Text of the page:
Homonym, Homophone, and Homograph Confusion

I, for the life of me, have always struggled with the difference between a homonym, homophone, and a homograph, and I don’t know how much research I’ve conducted to just not commit it to memory (definitely too much). But, hopefully, I can remedy that with today’s post. Anyway, let’s look at the similarities and differences between homonyms, homophones, and homographs (and don’t forget to check out the conclusion where I try to provide a visualization for the differences in case you struggle with this concept like I do!).

What’s a homonym?

A homonym is a blanket statement that describes both homophones and homographs, which might be the reason it has caused my eyes to cross on more than a few occasions.

As defined, homonyms are “words that are spelled or pronounced alike but have different meanings,” (Dictionary.com), thus the blanket meaning I was talking about. By learning this first, hopefully that has already cleared up some confusion.

What is a homophone?

Homophones sound alike but have different spellings. For example: to, too, two. But, to be more academically minded: “A homophone is one of two or more words that are pronounced the same but differ in their meaning, origin, or spelling,” (writingexplained.org).

Other examples include:

  • Night – Knight
  • Not – Knot
  • New – Knew

What’s a homograph?

Homographs are spelled alike. “Graph,” in this instance, means “drawn or written,” so we know these words are written the same (Dictionary.com). Let’s just focus on that for a moment.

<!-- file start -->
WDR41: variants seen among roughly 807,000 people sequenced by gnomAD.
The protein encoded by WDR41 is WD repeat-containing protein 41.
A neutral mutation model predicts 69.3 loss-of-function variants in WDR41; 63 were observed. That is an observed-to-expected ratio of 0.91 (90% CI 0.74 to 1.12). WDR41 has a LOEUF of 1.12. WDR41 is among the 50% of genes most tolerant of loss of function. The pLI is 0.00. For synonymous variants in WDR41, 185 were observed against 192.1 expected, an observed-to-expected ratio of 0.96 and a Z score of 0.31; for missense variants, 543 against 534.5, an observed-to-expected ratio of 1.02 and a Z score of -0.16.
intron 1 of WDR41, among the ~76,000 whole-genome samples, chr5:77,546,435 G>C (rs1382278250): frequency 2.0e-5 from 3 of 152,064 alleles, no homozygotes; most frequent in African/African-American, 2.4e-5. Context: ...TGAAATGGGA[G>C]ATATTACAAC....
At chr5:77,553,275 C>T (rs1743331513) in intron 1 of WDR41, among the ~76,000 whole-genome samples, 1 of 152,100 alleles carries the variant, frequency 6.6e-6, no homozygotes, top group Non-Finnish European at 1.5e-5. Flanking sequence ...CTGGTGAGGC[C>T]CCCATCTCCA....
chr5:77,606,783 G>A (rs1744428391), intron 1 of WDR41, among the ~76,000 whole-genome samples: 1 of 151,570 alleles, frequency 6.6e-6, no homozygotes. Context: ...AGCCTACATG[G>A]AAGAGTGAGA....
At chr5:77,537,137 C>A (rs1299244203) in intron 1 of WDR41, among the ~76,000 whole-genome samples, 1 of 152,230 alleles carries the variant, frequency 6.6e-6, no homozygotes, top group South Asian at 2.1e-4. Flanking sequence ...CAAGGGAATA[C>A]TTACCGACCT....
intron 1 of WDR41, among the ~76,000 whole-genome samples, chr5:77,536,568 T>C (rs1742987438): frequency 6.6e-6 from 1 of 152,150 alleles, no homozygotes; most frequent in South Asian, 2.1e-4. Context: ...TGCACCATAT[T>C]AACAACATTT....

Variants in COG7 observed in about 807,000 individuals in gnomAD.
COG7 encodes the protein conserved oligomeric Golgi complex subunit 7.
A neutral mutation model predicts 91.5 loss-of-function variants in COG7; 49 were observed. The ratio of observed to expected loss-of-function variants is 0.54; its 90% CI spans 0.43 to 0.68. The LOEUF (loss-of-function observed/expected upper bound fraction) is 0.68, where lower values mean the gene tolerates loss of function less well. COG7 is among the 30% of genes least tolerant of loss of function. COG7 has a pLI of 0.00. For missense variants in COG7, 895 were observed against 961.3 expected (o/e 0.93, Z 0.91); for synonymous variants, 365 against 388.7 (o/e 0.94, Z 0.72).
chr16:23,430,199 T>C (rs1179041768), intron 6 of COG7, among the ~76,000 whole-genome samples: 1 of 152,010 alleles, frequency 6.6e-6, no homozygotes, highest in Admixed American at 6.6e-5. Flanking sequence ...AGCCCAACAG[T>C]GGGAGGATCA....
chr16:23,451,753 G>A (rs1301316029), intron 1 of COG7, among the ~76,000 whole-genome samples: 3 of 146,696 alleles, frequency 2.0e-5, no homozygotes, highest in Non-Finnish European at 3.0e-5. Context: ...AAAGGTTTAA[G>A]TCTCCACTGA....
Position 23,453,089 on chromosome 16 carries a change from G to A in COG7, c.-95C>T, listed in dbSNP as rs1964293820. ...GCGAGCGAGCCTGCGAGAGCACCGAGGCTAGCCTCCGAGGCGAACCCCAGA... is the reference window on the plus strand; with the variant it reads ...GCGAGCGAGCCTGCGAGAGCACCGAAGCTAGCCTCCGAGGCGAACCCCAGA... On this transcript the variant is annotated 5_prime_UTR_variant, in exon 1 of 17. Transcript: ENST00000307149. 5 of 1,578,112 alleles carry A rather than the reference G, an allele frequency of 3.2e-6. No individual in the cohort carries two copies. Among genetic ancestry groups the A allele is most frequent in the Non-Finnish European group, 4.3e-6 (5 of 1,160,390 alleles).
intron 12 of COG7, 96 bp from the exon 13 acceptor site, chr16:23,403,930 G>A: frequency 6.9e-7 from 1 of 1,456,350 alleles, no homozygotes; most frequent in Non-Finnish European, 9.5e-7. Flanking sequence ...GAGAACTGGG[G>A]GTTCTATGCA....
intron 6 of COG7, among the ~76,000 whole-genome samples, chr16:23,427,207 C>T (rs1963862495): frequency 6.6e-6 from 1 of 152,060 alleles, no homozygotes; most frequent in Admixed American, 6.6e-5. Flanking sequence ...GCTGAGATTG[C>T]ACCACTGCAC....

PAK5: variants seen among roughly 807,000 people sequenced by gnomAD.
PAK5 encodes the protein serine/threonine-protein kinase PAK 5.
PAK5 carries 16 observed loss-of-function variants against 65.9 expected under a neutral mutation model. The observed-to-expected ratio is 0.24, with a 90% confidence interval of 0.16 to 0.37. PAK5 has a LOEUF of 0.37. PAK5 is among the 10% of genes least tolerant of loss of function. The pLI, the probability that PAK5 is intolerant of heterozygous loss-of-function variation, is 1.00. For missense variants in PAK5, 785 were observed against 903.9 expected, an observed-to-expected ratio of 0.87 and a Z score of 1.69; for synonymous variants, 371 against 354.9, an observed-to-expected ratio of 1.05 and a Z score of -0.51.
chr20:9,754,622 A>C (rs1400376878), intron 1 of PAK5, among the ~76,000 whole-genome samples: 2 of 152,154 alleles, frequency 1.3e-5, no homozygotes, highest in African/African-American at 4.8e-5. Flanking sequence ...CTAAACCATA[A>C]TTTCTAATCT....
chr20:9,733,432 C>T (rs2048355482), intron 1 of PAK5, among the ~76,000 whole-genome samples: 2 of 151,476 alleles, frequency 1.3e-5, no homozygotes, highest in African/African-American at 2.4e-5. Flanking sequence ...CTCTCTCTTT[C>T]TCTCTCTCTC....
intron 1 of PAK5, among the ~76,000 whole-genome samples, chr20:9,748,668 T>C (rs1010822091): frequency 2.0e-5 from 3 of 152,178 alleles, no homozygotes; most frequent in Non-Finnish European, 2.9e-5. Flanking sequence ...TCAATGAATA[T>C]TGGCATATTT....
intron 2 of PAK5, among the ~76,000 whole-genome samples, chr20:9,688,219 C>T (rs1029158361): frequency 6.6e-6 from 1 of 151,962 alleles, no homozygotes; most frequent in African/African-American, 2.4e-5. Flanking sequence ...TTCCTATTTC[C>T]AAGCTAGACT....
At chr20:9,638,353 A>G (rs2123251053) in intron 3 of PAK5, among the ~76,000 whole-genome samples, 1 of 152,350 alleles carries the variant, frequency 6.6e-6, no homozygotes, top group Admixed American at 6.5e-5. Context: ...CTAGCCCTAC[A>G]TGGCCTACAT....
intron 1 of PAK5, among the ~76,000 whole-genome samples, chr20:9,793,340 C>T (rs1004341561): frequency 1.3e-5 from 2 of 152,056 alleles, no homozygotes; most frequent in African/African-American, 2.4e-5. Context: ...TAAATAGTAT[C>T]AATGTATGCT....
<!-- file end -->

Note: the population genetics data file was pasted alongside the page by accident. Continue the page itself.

To Lead someone is to direct someone or to show them the way. Lead, meanwhile, is just a heavy piece of metal. Lead is spelled the same in both instances but have different meanings. Thus, they are spelled alike but they sound different.

Other examples include:

  • Bow (as in bend before somebody) and Bow (as in an archer’s bow)
  • Bass (as in the fish) and Bass (as in the instrument)
  • Present (as in right now) and Present (as in a gift for someone)


I try to look at it visually and this is the way it works in my brain:

I have a mommy and daddy sleeping under a blanket (no funny business). The blanket is the homonym and covers the mommy and the daddy. The mommy is the homophone because “homophone” sounds nice (homophone = words with the same sound but are spelled alike), and the homograph is the daddy because he sounds gruff around the edges (homograph = words that are spelled alike).

Works Cited